SUNDAY, January 8, 2017 – Many skin care products promise to improve their appearance by exfoliating – or removing dead cells – from the outer skin layer.
Sometimes a peel from the American Academy of Dermatology (AAD) can do more harm than good.
"In some people, peeling can make the skin worse and lead to redness or acne breakouts," said Dr. Rebecca Tung, Associate Professor of Dermatology at Loyola University Medical Center in Maywood, Illinois. It is important to do this safely so that your skin is not damaged. "
Before exfoliating, consider your skin type, as recommended by Tung in an AAD press release.
- Sensitive skin burns or stings frequently after using skin care products.
- Normal skin is clear and insensitive.
- Dry skin is flaky, itchy, or rough.
- Oily skin is shiny and oily.
- Combination skin is dry in some places and greasy in others.
"If you know your skin type, you can choose a peeling method that best suits your skin," said Tung.
There are two ways to exfoliate at home. Dead skin can be removed with a mechanical tool such as a brush, peeling or sponge. It can also be gently removed with chemicals such as alpha and beta hydroxy acids, says Tung.
These steps help prevent damage:
- Take into account all medicines and skin care products that you are already using. Some can make your skin more sensitive, e.g. B. Prescription retinoid creams or products that contain retinol or benzoyl peroxide. Exfoliating while using these products can cause acne breakouts or excessive dryness.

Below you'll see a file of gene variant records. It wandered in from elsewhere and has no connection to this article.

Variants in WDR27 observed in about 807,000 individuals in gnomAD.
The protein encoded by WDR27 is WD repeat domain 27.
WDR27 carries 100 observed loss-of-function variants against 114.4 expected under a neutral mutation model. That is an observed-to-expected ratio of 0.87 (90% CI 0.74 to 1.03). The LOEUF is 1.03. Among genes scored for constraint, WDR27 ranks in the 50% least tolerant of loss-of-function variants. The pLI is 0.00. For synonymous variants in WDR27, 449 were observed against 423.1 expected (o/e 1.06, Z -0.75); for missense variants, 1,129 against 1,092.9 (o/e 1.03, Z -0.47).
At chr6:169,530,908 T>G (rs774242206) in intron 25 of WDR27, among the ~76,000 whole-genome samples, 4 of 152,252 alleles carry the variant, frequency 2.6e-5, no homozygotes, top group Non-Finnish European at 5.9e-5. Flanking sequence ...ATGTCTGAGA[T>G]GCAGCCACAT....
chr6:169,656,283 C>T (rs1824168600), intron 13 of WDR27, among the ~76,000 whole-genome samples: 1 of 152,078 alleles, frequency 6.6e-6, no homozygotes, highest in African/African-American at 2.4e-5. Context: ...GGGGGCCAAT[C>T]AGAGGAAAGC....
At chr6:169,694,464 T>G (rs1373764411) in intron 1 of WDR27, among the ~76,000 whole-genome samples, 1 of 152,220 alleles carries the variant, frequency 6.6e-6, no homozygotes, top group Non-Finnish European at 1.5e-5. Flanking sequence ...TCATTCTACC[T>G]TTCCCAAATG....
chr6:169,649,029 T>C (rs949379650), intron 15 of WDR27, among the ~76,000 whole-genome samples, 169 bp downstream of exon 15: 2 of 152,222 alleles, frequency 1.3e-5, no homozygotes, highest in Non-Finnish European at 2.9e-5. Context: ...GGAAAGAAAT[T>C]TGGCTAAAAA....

- Choose a method that suits your skin type. People with dry, sensitive, or acne-prone skin should consider using a washcloth and mild chemical peel. People with oily, thick skin may prefer stronger chemical treatments or a mechanical peel. People with darker skin may not respond well to hot peels.
- Be kind to your skin. Peels or chemical peels should be applied gently in a small circular motion for about 30 seconds. Rinse off with lukewarm water. Never exfoliate skin injuries, cuts or sunburn.
- Apply moisturizer immediately after peeling.
- Don't overdo it. In most cases, the more aggressive the peeling should be carried out less often. Excessive peeling can lead to redness and irritation of the skin.
If you have any questions, a dermatologist can examine your skin and help you decide if exfoliation is beneficial for you, Tung said.
The US National Institute on Aging provides more information on skin care and aging.
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Published: January 2017